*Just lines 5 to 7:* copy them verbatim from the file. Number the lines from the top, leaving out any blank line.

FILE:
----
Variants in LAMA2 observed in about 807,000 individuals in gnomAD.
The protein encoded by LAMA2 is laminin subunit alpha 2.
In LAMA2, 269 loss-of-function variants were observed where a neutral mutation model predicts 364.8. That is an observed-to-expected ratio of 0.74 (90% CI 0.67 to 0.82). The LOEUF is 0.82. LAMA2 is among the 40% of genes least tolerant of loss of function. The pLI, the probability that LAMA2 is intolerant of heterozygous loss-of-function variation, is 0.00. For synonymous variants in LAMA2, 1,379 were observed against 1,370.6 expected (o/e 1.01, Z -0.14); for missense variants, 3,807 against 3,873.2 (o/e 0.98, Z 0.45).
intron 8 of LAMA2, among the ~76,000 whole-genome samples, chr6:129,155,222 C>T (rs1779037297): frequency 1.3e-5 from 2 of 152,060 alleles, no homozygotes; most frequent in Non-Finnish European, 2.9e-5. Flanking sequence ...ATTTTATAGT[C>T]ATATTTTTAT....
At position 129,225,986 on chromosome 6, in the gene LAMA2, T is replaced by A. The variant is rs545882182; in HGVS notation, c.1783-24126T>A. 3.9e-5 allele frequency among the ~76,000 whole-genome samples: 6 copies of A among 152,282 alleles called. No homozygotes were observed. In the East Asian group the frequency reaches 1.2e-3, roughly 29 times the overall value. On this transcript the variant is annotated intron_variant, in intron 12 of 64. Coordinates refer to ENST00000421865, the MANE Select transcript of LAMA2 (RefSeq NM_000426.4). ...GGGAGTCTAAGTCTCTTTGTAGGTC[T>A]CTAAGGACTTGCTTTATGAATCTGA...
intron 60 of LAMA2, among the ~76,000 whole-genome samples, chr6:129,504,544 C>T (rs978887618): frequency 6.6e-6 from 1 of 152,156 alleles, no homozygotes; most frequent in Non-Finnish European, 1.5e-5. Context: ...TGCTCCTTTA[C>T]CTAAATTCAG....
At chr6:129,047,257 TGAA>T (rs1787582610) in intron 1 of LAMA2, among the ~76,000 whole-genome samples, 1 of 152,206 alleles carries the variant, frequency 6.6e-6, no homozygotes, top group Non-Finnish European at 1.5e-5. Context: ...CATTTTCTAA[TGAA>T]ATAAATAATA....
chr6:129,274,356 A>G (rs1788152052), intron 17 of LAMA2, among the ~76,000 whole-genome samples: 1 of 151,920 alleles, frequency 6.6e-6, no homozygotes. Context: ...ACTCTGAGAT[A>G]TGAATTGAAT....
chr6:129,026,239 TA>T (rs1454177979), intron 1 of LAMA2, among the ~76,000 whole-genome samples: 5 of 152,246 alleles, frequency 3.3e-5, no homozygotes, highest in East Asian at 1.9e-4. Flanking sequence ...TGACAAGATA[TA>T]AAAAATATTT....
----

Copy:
At position 129,225,986 on chromosome 6, in the gene LAMA2, T is replaced by A. The variant is rs545882182; in HGVS notation, c.1783-24126T>A. 3.9e-5 allele frequency among the ~76,000 whole-genome samples: 6 copies of A among 152,282 alleles called. No homozygotes were observed. In the East Asian group the frequency reaches 1.2e-3, roughly 29 times the overall value. On this transcript the variant is annotated intron_variant, in intron 12 of 64. Coordinates refer to ENST00000421865, the MANE Select transcript of LAMA2 (RefSeq NM_000426.4). ...GGGAGTCTAAGTCTCTTTGTAGGTC[T>A]CTAAGGACTTGCTTTATGAATCTGA...
intron 60 of LAMA2, among the ~76,000 whole-genome samples, chr6:129,504,544 C>T (rs978887618): frequency 6.6e-6 from 1 of 152,156 alleles, no homozygotes; most frequent in Non-Finnish European, 1.5e-5. Context: ...TGCTCCTTTA[C>T]CTAAATTCAG....
At chr6:129,047,257 TGAA>T (rs1787582610) in intron 1 of LAMA2, among the ~76,000 whole-genome samples, 1 of 152,206 alleles carries the variant, frequency 6.6e-6, no homozygotes, top group Non-Finnish European at 1.5e-5. Context: ...CATTTTCTAA[TGAA>T]ATAAATAATA....